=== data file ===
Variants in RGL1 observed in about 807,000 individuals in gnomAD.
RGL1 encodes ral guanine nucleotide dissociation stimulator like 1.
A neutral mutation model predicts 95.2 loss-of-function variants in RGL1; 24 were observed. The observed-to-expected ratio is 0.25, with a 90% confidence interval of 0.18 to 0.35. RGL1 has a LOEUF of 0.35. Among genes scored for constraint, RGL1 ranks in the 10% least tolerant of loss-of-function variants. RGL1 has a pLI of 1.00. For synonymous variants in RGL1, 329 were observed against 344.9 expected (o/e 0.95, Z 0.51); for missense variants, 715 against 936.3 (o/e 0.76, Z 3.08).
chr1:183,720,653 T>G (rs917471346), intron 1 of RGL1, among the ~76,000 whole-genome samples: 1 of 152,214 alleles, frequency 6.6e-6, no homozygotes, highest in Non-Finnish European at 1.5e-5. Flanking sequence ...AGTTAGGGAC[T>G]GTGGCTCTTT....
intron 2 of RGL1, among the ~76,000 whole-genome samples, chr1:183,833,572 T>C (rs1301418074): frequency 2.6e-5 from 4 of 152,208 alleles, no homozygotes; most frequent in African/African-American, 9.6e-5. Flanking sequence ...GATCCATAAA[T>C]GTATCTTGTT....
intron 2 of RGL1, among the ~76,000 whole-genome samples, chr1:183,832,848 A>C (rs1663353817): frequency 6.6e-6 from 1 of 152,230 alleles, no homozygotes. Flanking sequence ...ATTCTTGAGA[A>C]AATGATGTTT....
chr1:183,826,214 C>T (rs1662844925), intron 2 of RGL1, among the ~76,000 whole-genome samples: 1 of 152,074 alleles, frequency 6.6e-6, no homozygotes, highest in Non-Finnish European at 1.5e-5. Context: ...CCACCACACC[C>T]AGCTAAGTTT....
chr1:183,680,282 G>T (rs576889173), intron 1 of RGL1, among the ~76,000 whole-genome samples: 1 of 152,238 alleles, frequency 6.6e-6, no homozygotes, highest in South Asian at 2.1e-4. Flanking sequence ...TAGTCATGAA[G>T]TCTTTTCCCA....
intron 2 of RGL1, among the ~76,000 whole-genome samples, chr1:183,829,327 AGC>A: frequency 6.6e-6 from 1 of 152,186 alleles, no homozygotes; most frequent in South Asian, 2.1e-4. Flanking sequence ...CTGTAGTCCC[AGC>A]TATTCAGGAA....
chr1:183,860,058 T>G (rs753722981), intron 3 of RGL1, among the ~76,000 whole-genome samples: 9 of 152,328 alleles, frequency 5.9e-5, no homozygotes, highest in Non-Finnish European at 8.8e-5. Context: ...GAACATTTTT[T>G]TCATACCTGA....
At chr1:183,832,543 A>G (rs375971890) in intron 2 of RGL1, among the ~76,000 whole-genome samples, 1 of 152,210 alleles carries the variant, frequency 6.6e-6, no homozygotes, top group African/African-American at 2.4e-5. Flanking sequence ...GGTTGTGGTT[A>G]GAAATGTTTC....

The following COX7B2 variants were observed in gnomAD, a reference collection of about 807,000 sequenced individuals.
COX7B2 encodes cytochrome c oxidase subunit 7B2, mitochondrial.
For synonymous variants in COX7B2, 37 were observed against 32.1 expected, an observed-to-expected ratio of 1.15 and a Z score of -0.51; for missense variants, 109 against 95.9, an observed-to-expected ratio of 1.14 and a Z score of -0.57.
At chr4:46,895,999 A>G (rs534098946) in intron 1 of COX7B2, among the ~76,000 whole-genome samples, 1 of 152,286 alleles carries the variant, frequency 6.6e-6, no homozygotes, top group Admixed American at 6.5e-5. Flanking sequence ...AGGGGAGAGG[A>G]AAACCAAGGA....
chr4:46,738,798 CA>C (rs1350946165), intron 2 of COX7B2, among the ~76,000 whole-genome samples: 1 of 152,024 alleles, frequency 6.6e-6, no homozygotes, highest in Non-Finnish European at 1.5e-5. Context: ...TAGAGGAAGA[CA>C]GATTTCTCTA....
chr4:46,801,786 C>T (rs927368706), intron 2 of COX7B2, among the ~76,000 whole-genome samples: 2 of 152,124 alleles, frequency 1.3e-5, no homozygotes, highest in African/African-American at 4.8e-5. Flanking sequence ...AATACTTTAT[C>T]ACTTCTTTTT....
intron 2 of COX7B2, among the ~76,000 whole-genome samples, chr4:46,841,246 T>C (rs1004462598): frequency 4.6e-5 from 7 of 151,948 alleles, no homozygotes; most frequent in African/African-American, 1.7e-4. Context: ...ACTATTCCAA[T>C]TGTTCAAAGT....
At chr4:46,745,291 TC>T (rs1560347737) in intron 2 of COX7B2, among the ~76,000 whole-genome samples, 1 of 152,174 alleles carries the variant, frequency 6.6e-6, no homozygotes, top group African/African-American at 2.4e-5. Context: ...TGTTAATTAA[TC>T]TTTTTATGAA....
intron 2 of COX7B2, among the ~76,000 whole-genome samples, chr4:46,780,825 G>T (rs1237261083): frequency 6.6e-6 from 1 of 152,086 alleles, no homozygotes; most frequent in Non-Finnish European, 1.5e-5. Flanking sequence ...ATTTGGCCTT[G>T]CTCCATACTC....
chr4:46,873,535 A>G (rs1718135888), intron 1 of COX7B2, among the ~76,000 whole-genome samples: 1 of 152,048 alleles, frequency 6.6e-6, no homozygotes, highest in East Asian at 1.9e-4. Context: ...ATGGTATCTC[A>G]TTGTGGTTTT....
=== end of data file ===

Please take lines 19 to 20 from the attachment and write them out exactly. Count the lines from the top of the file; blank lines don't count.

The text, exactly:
At chr4:46,745,291 TC>T (rs1560347737) in intron 2 of COX7B2, among the ~76,000 whole-genome samples, 1 of 152,174 alleles carries the variant, frequency 6.6e-6, no homozygotes, top group African/African-American at 2.4e-5. Context: ...TGTTAATTAA[TC>T]TTTTTATGAA....
intron 2 of COX7B2, among the ~76,000 whole-genome samples, chr4:46,780,825 G>T (rs1237261083): frequency 6.6e-6 from 1 of 152,086 alleles, no homozygotes; most frequent in Non-Finnish European, 1.5e-5. Flanking sequence ...ATTTGGCCTT[G>T]CTCCATACTC....